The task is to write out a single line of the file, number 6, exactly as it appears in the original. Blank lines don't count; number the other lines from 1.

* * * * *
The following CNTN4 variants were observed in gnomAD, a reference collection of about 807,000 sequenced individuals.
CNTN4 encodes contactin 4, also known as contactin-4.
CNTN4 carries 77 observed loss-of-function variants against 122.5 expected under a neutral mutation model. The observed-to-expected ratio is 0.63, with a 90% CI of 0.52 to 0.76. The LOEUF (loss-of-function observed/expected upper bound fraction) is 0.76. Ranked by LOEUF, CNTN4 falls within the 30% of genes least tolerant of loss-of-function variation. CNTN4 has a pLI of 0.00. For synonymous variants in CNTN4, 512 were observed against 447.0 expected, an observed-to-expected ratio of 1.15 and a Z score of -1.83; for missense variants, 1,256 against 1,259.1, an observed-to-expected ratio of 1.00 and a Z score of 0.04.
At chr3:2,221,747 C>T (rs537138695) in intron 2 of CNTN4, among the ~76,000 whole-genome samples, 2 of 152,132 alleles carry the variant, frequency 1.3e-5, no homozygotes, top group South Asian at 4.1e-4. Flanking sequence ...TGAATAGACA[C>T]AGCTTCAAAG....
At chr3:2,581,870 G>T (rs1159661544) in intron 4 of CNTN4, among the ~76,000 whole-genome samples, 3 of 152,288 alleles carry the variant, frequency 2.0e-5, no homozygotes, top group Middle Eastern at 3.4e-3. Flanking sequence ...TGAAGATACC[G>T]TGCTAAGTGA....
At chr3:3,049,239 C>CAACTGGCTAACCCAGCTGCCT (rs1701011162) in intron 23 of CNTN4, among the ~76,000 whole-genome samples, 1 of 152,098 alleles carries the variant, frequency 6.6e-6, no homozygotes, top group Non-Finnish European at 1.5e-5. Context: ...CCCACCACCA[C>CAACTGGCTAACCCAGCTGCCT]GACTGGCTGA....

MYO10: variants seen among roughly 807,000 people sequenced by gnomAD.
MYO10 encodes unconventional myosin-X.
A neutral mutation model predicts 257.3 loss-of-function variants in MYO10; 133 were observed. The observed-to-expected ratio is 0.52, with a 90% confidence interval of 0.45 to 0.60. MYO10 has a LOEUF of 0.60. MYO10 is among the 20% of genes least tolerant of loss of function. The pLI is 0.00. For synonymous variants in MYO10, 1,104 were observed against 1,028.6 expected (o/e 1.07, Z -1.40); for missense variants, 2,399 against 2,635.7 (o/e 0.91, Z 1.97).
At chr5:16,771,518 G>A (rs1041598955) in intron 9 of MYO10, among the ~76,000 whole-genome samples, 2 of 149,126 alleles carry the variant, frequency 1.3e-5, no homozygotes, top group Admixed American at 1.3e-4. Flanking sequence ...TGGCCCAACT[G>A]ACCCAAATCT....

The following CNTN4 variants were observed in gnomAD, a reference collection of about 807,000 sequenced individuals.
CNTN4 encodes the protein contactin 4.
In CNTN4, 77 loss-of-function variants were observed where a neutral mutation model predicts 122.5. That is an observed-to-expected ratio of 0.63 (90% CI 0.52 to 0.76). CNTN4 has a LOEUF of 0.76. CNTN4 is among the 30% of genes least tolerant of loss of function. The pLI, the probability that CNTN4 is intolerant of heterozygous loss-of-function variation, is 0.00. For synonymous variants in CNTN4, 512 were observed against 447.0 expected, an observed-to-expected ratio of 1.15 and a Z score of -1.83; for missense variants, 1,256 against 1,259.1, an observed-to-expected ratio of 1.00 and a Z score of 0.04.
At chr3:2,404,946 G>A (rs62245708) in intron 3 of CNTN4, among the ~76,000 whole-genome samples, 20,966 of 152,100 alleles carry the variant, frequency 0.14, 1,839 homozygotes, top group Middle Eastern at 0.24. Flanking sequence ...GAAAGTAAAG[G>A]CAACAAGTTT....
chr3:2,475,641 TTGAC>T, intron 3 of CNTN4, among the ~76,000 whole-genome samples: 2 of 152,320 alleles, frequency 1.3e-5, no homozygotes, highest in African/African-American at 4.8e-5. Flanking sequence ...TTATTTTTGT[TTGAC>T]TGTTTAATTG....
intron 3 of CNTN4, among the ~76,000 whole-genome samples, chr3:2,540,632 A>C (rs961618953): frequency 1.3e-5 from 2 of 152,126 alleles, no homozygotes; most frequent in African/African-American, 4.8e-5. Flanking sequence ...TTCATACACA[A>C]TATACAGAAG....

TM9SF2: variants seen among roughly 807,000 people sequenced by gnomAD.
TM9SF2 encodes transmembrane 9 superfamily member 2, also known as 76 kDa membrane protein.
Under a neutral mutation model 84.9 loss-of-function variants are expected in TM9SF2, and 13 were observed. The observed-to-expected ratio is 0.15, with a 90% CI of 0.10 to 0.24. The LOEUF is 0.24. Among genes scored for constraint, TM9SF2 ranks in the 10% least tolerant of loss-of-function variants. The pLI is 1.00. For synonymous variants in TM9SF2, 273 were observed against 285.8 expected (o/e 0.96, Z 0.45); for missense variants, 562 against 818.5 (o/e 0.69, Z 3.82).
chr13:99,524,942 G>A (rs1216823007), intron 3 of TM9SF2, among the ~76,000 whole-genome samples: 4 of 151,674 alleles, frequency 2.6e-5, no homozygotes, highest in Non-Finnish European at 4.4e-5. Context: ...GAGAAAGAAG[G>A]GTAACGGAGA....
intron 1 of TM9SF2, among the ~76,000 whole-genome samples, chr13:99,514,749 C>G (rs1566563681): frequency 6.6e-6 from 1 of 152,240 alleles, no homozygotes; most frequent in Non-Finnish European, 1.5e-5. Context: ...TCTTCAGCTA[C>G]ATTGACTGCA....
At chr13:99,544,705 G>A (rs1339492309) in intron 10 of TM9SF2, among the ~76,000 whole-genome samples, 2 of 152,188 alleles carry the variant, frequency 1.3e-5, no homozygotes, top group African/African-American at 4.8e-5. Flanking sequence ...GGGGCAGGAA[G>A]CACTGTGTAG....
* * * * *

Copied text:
At chr3:3,049,239 C>CAACTGGCTAACCCAGCTGCCT (rs1701011162) in intron 23 of CNTN4, among the ~76,000 whole-genome samples, 1 of 152,098 alleles carries the variant, frequency 6.6e-6, no homozygotes, top group Non-Finnish European at 1.5e-5. Context: ...CCCACCACCA[C>CAACTGGCTAACCCAGCTGCCT]GACTGGCTGA....